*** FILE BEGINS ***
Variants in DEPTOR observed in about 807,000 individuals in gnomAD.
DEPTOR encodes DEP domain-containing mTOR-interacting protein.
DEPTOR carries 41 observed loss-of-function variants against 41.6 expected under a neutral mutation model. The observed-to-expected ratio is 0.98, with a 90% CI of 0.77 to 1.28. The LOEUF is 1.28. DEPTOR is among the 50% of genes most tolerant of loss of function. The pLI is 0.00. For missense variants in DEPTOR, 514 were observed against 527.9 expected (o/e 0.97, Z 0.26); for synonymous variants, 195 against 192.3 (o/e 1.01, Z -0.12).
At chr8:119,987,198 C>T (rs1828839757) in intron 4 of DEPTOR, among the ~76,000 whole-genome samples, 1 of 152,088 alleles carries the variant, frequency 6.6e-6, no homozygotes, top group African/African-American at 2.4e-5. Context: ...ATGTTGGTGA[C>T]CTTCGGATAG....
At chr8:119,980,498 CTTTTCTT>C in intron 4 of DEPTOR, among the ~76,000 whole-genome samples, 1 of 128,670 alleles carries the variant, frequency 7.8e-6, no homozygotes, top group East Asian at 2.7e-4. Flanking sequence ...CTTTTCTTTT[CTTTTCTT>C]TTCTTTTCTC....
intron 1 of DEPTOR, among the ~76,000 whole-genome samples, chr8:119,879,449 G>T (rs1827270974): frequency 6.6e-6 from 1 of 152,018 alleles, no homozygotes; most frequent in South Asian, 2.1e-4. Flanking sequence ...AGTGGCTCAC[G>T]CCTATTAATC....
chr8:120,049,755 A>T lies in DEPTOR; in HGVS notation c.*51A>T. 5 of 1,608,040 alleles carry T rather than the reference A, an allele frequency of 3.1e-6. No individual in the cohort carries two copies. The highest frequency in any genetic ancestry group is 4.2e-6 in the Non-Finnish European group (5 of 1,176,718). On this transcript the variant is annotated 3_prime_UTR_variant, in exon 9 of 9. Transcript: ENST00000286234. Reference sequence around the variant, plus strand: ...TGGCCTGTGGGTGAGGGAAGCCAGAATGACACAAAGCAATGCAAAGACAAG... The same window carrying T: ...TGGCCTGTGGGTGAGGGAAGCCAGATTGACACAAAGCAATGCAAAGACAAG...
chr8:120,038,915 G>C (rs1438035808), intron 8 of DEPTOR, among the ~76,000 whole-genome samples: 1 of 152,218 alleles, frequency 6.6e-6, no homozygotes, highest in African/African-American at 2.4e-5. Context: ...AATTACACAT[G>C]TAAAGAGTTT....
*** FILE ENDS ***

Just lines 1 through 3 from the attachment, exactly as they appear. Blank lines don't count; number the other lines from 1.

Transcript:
Variants in DEPTOR observed in about 807,000 individuals in gnomAD.
DEPTOR encodes DEP domain-containing mTOR-interacting protein.
DEPTOR carries 41 observed loss-of-function variants against 41.6 expected under a neutral mutation model. The observed-to-expected ratio is 0.98, with a 90% CI of 0.77 to 1.28. The LOEUF is 1.28. DEPTOR is among the 50% of genes most tolerant of loss of function. The pLI is 0.00. For missense variants in DEPTOR, 514 were observed against 527.9 expected (o/e 0.97, Z 0.26); for synonymous variants, 195 against 192.3 (o/e 1.01, Z -0.12).